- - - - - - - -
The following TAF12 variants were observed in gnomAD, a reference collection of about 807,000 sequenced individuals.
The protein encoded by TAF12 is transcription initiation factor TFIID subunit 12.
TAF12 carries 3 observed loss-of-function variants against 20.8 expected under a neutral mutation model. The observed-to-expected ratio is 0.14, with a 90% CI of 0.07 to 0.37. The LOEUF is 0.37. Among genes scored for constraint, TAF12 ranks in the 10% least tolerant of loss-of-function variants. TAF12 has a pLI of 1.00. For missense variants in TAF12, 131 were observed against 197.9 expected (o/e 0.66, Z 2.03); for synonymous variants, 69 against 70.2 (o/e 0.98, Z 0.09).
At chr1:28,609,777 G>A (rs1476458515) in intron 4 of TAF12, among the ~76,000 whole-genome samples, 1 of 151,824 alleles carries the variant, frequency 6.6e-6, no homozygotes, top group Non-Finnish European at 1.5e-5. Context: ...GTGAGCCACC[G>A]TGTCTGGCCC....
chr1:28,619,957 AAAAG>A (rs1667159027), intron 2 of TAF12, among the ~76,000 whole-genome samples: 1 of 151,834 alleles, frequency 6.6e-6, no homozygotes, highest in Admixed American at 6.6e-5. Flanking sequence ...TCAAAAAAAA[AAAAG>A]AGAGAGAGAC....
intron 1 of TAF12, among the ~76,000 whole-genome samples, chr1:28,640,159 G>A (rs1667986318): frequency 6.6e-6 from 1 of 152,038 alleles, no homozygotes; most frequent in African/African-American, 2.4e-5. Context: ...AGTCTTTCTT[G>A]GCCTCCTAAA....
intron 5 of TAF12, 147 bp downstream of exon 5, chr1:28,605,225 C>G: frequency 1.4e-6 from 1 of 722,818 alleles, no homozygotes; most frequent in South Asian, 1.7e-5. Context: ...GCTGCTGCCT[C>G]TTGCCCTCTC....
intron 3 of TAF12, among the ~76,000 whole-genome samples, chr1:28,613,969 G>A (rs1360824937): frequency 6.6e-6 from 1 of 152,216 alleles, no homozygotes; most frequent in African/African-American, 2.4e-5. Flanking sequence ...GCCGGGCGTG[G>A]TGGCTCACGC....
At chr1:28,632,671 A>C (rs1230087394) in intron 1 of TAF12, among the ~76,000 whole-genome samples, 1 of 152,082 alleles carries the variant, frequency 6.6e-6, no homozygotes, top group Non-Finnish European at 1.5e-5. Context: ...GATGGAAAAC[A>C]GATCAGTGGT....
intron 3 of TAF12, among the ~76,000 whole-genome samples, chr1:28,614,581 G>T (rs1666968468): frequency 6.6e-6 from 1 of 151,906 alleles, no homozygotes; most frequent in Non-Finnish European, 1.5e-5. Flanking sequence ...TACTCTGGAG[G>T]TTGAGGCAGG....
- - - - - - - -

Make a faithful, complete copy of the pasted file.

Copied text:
The following TAF12 variants were observed in gnomAD, a reference collection of about 807,000 sequenced individuals.
The protein encoded by TAF12 is transcription initiation factor TFIID subunit 12.
TAF12 carries 3 observed loss-of-function variants against 20.8 expected under a neutral mutation model. The observed-to-expected ratio is 0.14, with a 90% CI of 0.07 to 0.37. The LOEUF is 0.37. Among genes scored for constraint, TAF12 ranks in the 10% least tolerant of loss-of-function variants. TAF12 has a pLI of 1.00. For missense variants in TAF12, 131 were observed against 197.9 expected (o/e 0.66, Z 2.03); for synonymous variants, 69 against 70.2 (o/e 0.98, Z 0.09).
At chr1:28,609,777 G>A (rs1476458515) in intron 4 of TAF12, among the ~76,000 whole-genome samples, 1 of 151,824 alleles carries the variant, frequency 6.6e-6, no homozygotes, top group Non-Finnish European at 1.5e-5. Context: ...GTGAGCCACC[G>A]TGTCTGGCCC....
chr1:28,619,957 AAAAG>A (rs1667159027), intron 2 of TAF12, among the ~76,000 whole-genome samples: 1 of 151,834 alleles, frequency 6.6e-6, no homozygotes, highest in Admixed American at 6.6e-5. Flanking sequence ...TCAAAAAAAA[AAAAG>A]AGAGAGAGAC....
intron 1 of TAF12, among the ~76,000 whole-genome samples, chr1:28,640,159 G>A (rs1667986318): frequency 6.6e-6 from 1 of 152,038 alleles, no homozygotes; most frequent in African/African-American, 2.4e-5. Context: ...AGTCTTTCTT[G>A]GCCTCCTAAA....
intron 5 of TAF12, 147 bp downstream of exon 5, chr1:28,605,225 C>G: frequency 1.4e-6 from 1 of 722,818 alleles, no homozygotes; most frequent in South Asian, 1.7e-5. Context: ...GCTGCTGCCT[C>G]TTGCCCTCTC....
intron 3 of TAF12, among the ~76,000 whole-genome samples, chr1:28,613,969 G>A (rs1360824937): frequency 6.6e-6 from 1 of 152,216 alleles, no homozygotes; most frequent in African/African-American, 2.4e-5. Flanking sequence ...GCCGGGCGTG[G>A]TGGCTCACGC....
At chr1:28,632,671 A>C (rs1230087394) in intron 1 of TAF12, among the ~76,000 whole-genome samples, 1 of 152,082 alleles carries the variant, frequency 6.6e-6, no homozygotes, top group Non-Finnish European at 1.5e-5. Context: ...GATGGAAAAC[A>C]GATCAGTGGT....
intron 3 of TAF12, among the ~76,000 whole-genome samples, chr1:28,614,581 G>T (rs1666968468): frequency 6.6e-6 from 1 of 151,906 alleles, no homozygotes; most frequent in Non-Finnish European, 1.5e-5. Flanking sequence ...TACTCTGGAG[G>T]TTGAGGCAGG....